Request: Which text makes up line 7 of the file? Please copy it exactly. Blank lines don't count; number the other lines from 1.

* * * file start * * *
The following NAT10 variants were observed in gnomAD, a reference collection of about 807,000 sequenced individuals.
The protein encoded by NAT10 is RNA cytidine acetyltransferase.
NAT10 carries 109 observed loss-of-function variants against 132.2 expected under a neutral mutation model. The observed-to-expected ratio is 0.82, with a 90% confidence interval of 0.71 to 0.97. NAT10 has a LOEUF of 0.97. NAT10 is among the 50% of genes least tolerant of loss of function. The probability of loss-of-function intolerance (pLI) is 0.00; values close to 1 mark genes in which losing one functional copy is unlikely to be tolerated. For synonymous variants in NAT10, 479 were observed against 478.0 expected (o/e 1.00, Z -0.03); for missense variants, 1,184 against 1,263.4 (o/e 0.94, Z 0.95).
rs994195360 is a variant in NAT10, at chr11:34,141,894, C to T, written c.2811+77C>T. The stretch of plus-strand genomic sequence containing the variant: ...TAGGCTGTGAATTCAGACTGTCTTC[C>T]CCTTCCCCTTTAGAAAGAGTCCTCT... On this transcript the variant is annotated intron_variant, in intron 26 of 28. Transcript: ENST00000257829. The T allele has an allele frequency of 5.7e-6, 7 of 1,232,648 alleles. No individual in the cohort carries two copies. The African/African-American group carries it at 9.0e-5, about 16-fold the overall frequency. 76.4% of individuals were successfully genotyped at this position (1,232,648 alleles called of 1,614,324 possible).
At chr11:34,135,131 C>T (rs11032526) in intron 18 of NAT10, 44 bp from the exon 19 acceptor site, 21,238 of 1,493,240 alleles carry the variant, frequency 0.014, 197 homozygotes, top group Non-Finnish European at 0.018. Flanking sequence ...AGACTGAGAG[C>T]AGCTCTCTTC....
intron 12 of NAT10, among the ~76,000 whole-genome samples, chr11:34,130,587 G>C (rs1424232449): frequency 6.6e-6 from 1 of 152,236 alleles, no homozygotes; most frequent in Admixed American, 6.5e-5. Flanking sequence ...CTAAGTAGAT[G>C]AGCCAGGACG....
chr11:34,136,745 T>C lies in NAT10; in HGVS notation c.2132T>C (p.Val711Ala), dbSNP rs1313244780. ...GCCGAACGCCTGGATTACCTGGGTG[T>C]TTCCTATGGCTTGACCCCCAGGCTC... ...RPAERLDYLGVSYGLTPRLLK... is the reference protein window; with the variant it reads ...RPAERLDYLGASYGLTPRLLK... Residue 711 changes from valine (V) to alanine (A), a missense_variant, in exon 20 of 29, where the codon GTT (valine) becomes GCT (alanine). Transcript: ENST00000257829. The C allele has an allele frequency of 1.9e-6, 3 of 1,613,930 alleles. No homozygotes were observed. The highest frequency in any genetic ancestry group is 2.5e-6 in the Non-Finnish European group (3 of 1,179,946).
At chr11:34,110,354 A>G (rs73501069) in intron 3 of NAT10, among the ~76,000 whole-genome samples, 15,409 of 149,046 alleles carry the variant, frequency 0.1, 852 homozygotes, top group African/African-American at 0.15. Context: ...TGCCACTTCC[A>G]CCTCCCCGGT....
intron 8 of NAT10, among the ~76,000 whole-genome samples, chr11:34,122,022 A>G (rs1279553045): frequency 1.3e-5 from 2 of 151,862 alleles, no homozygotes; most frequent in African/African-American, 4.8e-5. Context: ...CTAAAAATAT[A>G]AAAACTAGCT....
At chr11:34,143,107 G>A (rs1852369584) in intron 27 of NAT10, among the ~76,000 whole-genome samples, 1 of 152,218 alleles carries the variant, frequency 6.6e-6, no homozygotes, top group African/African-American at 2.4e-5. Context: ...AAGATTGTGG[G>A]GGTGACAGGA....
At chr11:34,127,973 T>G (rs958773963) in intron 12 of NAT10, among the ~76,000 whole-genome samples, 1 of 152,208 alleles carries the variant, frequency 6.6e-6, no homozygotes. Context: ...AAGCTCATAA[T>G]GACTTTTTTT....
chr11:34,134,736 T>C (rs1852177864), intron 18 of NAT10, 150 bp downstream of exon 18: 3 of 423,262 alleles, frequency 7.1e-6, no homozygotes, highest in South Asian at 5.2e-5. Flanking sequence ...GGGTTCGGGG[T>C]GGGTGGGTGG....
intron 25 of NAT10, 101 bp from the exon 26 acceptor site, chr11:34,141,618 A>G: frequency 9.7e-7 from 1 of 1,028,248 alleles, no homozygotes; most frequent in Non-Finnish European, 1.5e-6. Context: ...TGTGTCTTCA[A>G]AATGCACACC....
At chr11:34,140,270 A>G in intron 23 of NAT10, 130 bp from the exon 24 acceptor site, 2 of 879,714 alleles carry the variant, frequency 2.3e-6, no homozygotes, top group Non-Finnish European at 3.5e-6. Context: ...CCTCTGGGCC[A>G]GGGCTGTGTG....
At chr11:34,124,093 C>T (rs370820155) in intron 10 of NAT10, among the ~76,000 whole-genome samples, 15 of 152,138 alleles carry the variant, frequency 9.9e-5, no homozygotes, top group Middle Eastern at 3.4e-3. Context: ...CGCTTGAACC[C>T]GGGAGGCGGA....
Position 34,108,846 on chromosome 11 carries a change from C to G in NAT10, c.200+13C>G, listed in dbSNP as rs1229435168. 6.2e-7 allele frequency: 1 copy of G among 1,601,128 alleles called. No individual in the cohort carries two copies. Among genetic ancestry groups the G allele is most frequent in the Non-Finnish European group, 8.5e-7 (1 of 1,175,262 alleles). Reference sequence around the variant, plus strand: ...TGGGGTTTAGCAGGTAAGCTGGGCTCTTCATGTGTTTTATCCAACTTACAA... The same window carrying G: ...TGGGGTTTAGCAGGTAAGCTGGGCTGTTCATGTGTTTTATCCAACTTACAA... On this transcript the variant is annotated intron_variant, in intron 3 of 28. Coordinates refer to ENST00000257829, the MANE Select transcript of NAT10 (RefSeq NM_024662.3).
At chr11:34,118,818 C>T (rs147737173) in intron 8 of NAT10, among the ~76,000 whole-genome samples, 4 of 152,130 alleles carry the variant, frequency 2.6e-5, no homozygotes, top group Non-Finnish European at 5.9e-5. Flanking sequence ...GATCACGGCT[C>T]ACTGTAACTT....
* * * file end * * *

chr11:34,136,745 T>C lies in NAT10; in HGVS notation c.2132T>C (p.Val711Ala), dbSNP rs1313244780. ...GCCGAACGCCTGGATTACCTGGGTG[T>C]TTCCTATGGCTTGACCCCCAGGCTC... ...RPAERLDYLGVSYGLTPRLLK... is the reference protein window; with the variant it reads ...RPAERLDYLGASYGLTPRLLK... Residue 711 changes from valine (V) to alanine (A), a missense_variant, in exon 20 of 29, where the codon GTT (valine) becomes GCT (alanine). Transcript: ENST00000257829. The C allele has an allele frequency of 1.9e-6, 3 of 1,613,930 alleles. No homozygotes were observed. The highest frequency in any genetic ancestry group is 2.5e-6 in the Non-Finnish European group (3 of 1,179,946).